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Unexpected strawberry crop spins Burkina's 'red gold'

By Armel Baily - AFP
Burkina Faso Burkina strawberries are considered 'red gold' in the Sahel.  By FANNY NOARO-KABR AFP
SAT, 06 APR 2024 LISTEN
Burkina strawberries are considered 'red gold' in the Sahel. By FANNY NOARO-KABRÉ (AFP)

In the suburbs of Burkina Faso's capital Ouagadougou, lucrative strawberry farming is supplanting traditional crops like cabbage and lettuce and has become a top export to neighbouring countries.

Prized as "red gold" in the Sahel, strawberry crops brought in some 2.0 billion CFA francs ($3.3 million) from 2019 to 2020, according to agricultural support programme PAPEA.

In their January to April season, strawberries "take the place of other crops", Yiwendenda Tiemtore, a farmer in the working-class Boulmiougou district on the city outskirts, told AFP.

Tiemtore has been busy harvesting the red fruit since dawn, before temperatures rise to 40 degrees Celsius (104 degrees Fahrenheit).

He harvests about 25 to 30 kilogrammes (55-66 pounds) of Burkina's popular strawberry varieties, "selva" and "camarosa", every three days, watering his plots from wells.

Cultivating strawberries, which thrive on ample sunlight and water, might come as a surprise in this semi-arid West African country.

The strawberry fruit season runs from January to April in Burkina Faso.  By FANNY NOARO-KABR AFP The strawberry fruit season runs from January to April in Burkina Faso. By FANNY NOARO-KABRÉ (AFP)

But Burkina Faso leads the region's strawberry production, growing about 2,000 tonnes a year.

Despite being prized by local customers, more than half is exported to neighbouring countries.

"We receive orders from abroad, particularly from Ivory Coast, Niger and Ghana," said market gardener Madi Compaore, who specialises in strawberries and trains local growers.

"Demand is constantly rising and the prices are good."

In season, strawberries tend to be sold at a higher price than other fruit and vegetables, fetching 3,000 CFA francs ($5.0) per kilogramme.

Production has remained strong despite insecurity in the country, including from jihadist violence and the repercussions of two coups in 2022.

As well as in Ouagadougou, strawberry production is prominent in Bobo-Dioulasso -- Burkina's second city -- even though "the sector's not very well organised" there, Compaore said.

Since the 70s

"You might think it's an oddity to grow strawberries in a Sahelian country like Burkina Faso but it's been a fixture since the 1970s," Compaore added.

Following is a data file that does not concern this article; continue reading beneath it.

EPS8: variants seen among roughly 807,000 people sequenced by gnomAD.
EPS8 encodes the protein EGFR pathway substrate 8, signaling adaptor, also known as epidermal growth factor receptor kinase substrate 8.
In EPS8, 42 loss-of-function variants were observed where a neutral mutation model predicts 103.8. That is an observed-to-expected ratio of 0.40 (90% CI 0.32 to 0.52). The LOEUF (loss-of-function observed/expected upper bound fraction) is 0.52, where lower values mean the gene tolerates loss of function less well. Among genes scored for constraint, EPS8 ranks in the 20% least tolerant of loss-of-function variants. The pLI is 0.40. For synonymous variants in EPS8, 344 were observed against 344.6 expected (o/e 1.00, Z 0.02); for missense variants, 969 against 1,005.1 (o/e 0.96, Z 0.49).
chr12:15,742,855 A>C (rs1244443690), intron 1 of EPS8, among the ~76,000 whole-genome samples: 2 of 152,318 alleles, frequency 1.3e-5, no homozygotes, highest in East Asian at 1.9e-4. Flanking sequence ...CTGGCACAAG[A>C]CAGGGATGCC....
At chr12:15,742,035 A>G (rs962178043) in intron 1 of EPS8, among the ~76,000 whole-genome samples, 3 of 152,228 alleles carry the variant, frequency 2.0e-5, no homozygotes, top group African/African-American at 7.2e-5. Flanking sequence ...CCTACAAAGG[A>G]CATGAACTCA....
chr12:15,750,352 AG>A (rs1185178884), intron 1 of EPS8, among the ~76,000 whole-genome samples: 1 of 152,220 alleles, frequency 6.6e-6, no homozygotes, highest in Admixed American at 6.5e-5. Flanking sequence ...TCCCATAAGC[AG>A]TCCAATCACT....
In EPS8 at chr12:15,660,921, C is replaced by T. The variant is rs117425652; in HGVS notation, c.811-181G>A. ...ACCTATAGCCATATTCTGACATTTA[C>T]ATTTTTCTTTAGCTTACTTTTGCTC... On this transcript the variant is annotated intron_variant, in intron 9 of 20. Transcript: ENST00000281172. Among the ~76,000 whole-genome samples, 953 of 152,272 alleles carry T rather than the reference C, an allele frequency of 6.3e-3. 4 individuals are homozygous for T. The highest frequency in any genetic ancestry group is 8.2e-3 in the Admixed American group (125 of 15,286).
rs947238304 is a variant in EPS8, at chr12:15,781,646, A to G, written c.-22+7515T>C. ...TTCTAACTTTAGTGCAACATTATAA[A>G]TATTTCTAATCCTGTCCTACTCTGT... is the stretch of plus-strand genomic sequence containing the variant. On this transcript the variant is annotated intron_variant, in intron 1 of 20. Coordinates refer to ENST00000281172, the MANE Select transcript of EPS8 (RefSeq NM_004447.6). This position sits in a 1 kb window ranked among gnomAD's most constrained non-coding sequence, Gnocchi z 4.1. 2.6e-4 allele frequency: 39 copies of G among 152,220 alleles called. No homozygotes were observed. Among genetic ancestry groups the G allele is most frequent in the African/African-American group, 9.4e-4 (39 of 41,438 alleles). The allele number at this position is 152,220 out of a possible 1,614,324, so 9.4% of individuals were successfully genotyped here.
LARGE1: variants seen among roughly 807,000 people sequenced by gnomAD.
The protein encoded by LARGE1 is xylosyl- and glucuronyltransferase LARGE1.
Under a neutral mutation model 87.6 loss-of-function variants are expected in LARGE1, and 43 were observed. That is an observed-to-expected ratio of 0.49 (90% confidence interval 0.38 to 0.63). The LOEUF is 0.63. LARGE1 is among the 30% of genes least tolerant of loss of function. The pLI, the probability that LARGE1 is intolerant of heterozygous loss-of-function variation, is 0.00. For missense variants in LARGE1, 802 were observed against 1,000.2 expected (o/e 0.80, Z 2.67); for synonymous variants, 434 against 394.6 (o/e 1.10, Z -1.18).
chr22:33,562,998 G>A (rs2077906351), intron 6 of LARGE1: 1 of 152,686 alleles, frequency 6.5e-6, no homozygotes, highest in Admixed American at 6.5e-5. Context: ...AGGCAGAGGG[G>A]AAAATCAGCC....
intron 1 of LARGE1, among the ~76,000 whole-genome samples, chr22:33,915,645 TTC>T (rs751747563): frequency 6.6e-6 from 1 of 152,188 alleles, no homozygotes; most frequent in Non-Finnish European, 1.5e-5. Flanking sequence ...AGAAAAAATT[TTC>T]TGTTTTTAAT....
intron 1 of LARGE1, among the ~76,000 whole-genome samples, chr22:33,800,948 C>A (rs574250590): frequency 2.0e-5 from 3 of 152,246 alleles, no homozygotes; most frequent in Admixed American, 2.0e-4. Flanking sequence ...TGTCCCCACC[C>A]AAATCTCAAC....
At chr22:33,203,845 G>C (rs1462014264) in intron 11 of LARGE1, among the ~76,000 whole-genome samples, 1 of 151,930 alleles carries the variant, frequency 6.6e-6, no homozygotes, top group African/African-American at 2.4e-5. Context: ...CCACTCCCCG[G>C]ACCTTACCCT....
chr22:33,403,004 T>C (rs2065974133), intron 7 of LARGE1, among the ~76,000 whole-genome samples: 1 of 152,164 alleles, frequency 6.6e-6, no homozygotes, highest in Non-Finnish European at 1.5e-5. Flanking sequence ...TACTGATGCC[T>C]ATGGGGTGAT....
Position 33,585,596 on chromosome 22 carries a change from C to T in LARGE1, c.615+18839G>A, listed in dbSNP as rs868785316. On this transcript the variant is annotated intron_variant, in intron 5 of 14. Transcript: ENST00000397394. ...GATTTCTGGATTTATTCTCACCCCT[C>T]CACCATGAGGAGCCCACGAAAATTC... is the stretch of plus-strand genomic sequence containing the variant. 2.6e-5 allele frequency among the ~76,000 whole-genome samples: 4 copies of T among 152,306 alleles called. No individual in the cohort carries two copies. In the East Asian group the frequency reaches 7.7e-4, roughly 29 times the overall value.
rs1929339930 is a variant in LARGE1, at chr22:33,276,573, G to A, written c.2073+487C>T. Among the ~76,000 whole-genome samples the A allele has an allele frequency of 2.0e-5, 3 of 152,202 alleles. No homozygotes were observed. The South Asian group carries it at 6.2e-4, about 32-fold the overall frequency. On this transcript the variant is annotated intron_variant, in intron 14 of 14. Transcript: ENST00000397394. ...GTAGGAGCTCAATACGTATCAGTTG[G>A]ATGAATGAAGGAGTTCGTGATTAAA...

The practice began when a French expatriate introduced a few plants to his garden in the country. Now more and more people are growing them.

Strawberries have been grown in Burkina since the 70s, says market gardener Madi Compaore.  By FANNY NOARO-KABR AFP Strawberries have been grown in Burkina since the 70s, says market gardener Madi Compaore. By FANNY NOARO-KABRÉ (AFP)

"It's our red gold. It's one of the most profitable crops for both growers and sellers," he explained.

Seller Jacqueline Taonsa has no hesitation in swapping from apples and bananas to strawberries in season.

"With the heat, it's hard to keep strawberries fresh for long," said Taonsa, who cycles around Ouagadougou neighbourhoods balancing a salad bowl on her head.

"So we take quantities that can be sold quickly during the day," she explained. That usually amounts to about five of six kilogrammes.

Adissa Tiemtore used to be a full-time fruit and vegetable seller.

She has mainly switched to selling woven loincloths now but takes up her strawberry business again in season because of the lucrative margins, as high as "200 to 300 percent".

Strawberry growing reportedly started in Burkina when a French expat planted some in his garden.  By FANNY NOARO-KABR AFP Strawberry growing reportedly started in Burkina when a French expat planted some in his garden. By FANNY NOARO-KABRÉ (AFP)

"I start strawberry selling again when they're in season to make a bit of money and satisfy my former customers, who continue to ask for them," she said.

"We go round the different growers depending on what day they're harvesting. That way we get enough to sell every day during the three fruit-producing months," she said.

The end of April spells the end of the bonanza. "We go back to our other activities and we wait for next season," Tiemtore said.

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